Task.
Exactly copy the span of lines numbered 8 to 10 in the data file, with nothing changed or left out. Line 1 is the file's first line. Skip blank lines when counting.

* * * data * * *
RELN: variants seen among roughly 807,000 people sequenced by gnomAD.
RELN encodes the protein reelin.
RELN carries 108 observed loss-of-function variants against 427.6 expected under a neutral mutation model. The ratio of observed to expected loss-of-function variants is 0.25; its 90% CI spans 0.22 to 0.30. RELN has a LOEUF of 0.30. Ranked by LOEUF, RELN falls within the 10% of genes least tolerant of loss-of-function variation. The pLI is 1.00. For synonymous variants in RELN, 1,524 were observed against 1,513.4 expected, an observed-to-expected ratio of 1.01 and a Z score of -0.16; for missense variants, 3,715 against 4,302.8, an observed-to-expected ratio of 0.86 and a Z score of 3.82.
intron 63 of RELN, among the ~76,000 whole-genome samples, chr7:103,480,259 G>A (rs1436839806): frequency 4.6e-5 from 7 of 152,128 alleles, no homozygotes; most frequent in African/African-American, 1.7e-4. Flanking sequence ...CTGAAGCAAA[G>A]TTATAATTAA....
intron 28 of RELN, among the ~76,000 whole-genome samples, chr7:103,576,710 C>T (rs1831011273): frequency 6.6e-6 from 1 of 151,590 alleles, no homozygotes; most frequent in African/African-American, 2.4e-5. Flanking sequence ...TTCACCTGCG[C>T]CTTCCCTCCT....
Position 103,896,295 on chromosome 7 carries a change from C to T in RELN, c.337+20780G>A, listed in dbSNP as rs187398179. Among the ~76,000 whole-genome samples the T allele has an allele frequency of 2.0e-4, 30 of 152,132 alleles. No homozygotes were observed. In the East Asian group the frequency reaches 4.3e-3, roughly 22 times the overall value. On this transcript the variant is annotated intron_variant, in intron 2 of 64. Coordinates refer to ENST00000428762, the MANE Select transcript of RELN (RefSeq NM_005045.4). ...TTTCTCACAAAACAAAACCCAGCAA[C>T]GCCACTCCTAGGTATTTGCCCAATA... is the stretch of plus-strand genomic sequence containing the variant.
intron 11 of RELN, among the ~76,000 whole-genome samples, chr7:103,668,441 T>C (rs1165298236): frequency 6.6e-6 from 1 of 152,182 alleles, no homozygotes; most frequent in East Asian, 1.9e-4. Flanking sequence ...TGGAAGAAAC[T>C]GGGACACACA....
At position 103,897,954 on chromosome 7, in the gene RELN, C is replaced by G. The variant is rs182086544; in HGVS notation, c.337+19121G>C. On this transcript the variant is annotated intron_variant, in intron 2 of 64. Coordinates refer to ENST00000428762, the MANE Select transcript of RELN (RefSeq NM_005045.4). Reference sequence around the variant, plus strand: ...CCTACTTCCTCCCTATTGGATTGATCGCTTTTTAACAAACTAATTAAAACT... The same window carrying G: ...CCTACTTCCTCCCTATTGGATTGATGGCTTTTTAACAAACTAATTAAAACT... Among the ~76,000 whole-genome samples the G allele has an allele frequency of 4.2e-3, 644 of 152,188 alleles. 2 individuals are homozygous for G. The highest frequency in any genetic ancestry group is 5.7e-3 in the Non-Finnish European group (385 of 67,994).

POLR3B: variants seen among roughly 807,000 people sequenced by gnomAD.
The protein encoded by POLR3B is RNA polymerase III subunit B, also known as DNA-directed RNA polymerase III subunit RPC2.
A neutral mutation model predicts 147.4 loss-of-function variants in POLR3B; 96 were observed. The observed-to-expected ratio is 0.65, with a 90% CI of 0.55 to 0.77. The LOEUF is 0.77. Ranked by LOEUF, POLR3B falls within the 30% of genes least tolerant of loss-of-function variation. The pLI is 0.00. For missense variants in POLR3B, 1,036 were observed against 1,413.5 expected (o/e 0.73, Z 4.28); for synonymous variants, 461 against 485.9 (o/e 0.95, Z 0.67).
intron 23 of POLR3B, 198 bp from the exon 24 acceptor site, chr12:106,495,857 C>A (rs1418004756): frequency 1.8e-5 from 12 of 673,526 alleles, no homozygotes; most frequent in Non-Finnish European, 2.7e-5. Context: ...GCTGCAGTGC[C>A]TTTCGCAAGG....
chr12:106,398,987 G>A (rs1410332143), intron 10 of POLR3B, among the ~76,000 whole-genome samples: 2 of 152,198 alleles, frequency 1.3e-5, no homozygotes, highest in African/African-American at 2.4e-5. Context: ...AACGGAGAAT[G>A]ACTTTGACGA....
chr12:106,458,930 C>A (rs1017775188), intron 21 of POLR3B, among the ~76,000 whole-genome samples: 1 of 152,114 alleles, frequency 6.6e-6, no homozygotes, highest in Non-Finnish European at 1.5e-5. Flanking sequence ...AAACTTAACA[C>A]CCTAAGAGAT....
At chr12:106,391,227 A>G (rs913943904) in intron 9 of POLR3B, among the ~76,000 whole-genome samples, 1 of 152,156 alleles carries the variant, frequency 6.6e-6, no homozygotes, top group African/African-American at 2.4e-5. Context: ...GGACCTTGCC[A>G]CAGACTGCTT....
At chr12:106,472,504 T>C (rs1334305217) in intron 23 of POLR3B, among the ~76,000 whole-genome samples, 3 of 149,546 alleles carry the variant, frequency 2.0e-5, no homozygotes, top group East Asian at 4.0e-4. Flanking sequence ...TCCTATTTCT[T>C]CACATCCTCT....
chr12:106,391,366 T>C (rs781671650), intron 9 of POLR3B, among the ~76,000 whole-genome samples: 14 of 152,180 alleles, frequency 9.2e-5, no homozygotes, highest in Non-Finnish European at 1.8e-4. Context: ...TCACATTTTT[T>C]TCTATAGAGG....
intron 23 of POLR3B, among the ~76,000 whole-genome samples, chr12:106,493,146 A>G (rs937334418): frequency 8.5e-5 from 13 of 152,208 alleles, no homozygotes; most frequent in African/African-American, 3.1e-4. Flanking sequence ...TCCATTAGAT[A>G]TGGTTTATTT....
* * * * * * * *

At position 103,897,954 on chromosome 7, in the gene RELN, C is replaced by G. The variant is rs182086544; in HGVS notation, c.337+19121G>C. On this transcript the variant is annotated intron_variant, in intron 2 of 64. Coordinates refer to ENST00000428762, the MANE Select transcript of RELN (RefSeq NM_005045.4). Reference sequence around the variant, plus strand: ...CCTACTTCCTCCCTATTGGATTGATCGCTTTTTAACAAACTAATTAAAACT... The same window carrying G: ...CCTACTTCCTCCCTATTGGATTGATGGCTTTTTAACAAACTAATTAAAACT... Among the ~76,000 whole-genome samples the G allele has an allele frequency of 4.2e-3, 644 of 152,188 alleles. 2 individuals are homozygous for G. The highest frequency in any genetic ancestry group is 5.7e-3 in the Non-Finnish European group (385 of 67,994).

POLR3B: variants seen among roughly 807,000 people sequenced by gnomAD.
The protein encoded by POLR3B is RNA polymerase III subunit B, also known as DNA-directed RNA polymerase III subunit RPC2.